By Unini Chioma (from

Professor Ogechi Adeola, a distinguished scholar and the Head of the Department of Marketing, Operations, and Information Systems at the Lagos Business School (LBS), Pan-Atlantic University, Lagos State, has shed light on why the Igbo apprenticeship system stands as the world’s largest business incubator.

Addressing an audience at the 15th Inaugural Lecture of the institution, titled “Decolonising Africa’s Business Practices: Pro-Indigenous Marketing Pathways To A Paradigm Shift,” Professor Adeola provided valuable insights into the Igbo apprenticeship model, which has groomed generations of successful entrepreneurs within the Igbo community.

She emphasized that Igbo apprentices are nurtured from a young age to become exceptional businesspersons, and her research, encompassing books such as ‘Indigenous African Enterprise’ and ‘Igba boi,’ has delved into the intricacies of this system.

The Igbo apprenticeship system, commonly referred to as ‘Igba-Odibo/Igba-Boi/Imu-Ahia/Imu-Oru,’ comprises formal and informal agreements between parties, fostering thriving entrepreneurial communities among the Igbo people.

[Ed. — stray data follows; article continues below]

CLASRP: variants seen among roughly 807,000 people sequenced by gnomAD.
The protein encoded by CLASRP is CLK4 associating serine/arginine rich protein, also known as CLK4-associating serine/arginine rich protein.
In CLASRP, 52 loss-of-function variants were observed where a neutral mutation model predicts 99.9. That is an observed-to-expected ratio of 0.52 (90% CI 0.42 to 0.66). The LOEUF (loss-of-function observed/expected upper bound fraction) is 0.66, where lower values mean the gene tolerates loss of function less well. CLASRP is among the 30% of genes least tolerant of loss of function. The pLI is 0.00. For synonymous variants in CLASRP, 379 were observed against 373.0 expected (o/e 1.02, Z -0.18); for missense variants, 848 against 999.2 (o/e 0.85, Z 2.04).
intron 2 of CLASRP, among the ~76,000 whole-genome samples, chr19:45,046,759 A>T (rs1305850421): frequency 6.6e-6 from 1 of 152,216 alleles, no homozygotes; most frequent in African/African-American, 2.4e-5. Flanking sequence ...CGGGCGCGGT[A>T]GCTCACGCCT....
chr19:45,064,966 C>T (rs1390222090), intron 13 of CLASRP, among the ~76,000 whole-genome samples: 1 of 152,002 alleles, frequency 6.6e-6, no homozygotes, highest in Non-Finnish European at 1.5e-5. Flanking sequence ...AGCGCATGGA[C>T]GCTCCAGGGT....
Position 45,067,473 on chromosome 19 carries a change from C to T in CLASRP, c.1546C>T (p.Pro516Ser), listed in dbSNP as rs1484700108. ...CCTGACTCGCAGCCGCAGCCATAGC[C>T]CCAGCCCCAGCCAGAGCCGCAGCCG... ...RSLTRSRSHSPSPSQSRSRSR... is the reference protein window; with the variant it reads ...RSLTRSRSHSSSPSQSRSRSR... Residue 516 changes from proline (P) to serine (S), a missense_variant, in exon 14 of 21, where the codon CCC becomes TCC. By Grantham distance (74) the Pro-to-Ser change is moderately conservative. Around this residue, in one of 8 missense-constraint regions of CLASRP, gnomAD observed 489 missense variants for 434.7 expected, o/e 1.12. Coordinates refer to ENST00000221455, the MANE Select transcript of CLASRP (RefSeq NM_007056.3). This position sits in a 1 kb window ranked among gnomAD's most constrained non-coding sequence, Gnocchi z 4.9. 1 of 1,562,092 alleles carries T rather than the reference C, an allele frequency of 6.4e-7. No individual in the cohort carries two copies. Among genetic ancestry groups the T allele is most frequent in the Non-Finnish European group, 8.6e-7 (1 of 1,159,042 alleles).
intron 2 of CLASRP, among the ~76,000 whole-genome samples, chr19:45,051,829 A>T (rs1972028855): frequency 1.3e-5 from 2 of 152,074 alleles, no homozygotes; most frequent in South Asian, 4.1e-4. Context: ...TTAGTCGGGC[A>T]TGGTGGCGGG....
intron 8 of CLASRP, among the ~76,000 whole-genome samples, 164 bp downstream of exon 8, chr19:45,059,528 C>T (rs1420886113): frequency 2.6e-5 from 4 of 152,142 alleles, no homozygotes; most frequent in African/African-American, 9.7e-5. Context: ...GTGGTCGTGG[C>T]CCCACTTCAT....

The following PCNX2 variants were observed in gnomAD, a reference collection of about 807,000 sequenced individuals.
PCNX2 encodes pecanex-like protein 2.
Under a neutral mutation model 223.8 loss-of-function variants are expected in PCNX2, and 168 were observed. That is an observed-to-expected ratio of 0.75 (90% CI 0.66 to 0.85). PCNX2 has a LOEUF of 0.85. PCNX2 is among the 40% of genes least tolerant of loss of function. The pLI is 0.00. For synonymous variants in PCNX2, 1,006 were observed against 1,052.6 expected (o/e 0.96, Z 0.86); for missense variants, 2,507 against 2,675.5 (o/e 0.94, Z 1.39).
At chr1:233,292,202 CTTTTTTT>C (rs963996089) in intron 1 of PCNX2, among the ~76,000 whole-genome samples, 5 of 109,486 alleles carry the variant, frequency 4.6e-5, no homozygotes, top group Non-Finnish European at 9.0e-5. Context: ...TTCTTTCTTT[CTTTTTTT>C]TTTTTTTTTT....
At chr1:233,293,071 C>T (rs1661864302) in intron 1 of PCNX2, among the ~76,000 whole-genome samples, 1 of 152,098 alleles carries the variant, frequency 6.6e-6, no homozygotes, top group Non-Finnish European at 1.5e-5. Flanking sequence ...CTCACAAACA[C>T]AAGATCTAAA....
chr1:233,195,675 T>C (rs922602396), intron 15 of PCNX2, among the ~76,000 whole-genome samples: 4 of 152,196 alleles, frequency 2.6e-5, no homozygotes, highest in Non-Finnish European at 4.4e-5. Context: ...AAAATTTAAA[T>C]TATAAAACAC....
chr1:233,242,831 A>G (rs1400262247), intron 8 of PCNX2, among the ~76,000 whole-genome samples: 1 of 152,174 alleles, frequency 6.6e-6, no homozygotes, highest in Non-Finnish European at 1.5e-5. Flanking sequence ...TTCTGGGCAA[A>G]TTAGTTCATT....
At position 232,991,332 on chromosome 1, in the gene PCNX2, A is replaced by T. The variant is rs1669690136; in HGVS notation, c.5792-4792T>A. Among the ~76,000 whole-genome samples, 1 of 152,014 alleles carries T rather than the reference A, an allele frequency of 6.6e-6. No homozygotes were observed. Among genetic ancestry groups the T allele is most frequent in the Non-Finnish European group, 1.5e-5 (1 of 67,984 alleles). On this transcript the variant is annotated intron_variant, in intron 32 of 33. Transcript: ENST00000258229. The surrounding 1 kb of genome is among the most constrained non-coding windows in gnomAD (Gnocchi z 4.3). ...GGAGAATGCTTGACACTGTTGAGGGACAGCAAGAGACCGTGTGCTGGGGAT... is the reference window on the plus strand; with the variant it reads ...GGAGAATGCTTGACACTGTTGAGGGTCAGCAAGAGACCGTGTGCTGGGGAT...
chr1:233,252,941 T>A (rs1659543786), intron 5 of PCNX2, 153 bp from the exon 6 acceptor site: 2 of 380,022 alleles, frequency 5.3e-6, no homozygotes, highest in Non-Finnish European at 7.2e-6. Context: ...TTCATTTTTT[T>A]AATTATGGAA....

Professor Adeola delineated three primary types within this system: Igba-boi (become an apprentice), Imu Oru (learn a craft), and Imu Ahia (learn a trade). While all three aim to transfer knowledge and entrepreneurial skills, they differ in their approach.

In the Igba-boi/Igba Odibo type, mentees are tutored free of charge for a predetermined period. In contrast, in the Imu Oru/Imu Oruaka and Imu Ahia categories, the mentee or their parents/sponsors pay for the apprenticeship.

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